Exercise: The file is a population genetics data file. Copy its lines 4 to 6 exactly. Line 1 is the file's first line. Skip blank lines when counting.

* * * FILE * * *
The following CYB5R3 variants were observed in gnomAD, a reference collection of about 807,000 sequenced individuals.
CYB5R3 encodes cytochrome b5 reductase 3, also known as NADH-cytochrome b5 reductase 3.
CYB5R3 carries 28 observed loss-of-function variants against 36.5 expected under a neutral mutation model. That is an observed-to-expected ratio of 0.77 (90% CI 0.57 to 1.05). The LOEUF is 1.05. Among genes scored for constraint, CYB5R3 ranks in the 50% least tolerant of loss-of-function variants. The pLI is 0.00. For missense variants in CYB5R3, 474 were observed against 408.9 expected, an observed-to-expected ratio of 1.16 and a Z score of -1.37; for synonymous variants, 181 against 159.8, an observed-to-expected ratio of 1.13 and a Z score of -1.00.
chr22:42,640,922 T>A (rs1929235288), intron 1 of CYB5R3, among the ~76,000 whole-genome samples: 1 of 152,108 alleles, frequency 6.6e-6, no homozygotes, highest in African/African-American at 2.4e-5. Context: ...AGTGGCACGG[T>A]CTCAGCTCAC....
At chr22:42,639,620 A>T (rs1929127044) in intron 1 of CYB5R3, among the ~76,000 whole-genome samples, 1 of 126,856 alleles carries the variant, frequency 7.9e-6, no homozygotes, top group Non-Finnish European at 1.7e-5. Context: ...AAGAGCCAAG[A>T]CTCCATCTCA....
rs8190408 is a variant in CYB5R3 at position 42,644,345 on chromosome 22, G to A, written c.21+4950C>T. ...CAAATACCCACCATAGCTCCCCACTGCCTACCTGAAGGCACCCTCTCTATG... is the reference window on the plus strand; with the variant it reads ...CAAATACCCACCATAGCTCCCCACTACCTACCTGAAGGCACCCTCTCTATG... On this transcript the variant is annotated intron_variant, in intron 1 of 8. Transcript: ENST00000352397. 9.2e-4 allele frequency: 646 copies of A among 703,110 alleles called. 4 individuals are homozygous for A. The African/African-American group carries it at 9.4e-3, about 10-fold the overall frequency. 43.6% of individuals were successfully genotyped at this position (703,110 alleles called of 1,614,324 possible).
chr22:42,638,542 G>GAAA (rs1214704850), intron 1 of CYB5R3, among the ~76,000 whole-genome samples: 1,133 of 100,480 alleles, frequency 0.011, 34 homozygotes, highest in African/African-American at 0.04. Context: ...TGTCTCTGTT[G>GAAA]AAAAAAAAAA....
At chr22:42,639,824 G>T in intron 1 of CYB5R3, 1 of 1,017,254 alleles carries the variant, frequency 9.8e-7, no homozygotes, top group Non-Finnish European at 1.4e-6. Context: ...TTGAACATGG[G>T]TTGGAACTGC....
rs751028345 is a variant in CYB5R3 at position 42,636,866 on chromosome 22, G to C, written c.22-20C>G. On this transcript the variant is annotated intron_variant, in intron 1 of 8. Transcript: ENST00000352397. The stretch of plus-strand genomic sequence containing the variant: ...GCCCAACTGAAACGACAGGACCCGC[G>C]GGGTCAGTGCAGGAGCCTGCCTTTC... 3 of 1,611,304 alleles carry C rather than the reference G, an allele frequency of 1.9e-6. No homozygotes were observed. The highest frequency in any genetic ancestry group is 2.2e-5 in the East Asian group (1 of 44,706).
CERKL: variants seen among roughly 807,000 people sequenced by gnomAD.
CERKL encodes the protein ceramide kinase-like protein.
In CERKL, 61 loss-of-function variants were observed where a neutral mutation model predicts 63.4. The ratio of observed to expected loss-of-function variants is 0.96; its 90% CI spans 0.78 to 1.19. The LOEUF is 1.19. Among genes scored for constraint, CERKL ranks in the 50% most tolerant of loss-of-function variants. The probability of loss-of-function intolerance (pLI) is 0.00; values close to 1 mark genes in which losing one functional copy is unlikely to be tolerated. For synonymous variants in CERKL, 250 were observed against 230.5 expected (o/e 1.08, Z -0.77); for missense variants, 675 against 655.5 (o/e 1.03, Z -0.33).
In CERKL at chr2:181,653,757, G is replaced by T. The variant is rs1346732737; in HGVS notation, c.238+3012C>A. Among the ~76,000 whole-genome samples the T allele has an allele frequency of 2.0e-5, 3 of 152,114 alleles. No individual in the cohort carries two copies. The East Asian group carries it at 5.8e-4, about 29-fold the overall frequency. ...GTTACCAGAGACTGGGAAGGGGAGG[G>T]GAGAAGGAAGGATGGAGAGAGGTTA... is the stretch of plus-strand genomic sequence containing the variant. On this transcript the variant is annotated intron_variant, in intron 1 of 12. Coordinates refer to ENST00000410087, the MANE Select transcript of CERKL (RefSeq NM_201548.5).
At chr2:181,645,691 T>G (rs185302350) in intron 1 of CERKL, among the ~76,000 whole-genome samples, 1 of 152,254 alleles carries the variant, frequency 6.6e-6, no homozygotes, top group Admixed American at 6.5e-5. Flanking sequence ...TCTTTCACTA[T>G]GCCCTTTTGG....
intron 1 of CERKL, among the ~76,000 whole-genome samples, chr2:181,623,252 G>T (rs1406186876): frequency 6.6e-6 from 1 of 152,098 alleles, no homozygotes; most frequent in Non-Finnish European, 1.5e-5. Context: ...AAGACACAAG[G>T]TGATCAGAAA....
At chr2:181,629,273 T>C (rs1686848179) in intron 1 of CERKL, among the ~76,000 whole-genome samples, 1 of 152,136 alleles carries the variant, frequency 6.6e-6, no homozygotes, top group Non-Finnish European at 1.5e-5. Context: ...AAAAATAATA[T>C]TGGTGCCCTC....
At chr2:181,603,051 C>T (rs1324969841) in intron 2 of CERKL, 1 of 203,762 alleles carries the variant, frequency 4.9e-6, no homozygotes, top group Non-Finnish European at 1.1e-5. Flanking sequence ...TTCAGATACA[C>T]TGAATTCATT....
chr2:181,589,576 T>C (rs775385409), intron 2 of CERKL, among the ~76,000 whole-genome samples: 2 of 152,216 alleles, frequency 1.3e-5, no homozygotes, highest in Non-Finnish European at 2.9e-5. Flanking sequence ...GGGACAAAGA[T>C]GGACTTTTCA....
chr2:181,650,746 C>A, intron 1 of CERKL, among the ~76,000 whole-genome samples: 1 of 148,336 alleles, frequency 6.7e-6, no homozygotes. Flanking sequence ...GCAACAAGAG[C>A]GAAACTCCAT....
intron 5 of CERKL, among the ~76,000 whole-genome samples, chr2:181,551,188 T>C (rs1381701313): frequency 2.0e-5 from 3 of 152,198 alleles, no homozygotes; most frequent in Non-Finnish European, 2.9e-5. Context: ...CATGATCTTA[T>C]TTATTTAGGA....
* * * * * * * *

chr22:42,640,922 T>A (rs1929235288), intron 1 of CYB5R3, among the ~76,000 whole-genome samples: 1 of 152,108 alleles, frequency 6.6e-6, no homozygotes, highest in African/African-American at 2.4e-5. Context: ...AGTGGCACGG[T>A]CTCAGCTCAC....
At chr22:42,639,620 A>T (rs1929127044) in intron 1 of CYB5R3, among the ~76,000 whole-genome samples, 1 of 126,856 alleles carries the variant, frequency 7.9e-6, no homozygotes, top group Non-Finnish European at 1.7e-5. Context: ...AAGAGCCAAG[A>T]CTCCATCTCA....
rs8190408 is a variant in CYB5R3 at position 42,644,345 on chromosome 22, G to A, written c.21+4950C>T. ...CAAATACCCACCATAGCTCCCCACTGCCTACCTGAAGGCACCCTCTCTATG... is the reference window on the plus strand; with the variant it reads ...CAAATACCCACCATAGCTCCCCACTACCTACCTGAAGGCACCCTCTCTATG... On this transcript the variant is annotated intron_variant, in intron 1 of 8. Transcript: ENST00000352397. 9.2e-4 allele frequency: 646 copies of A among 703,110 alleles called. 4 individuals are homozygous for A. The African/African-American group carries it at 9.4e-3, about 10-fold the overall frequency. 43.6% of individuals were successfully genotyped at this position (703,110 alleles called of 1,614,324 possible).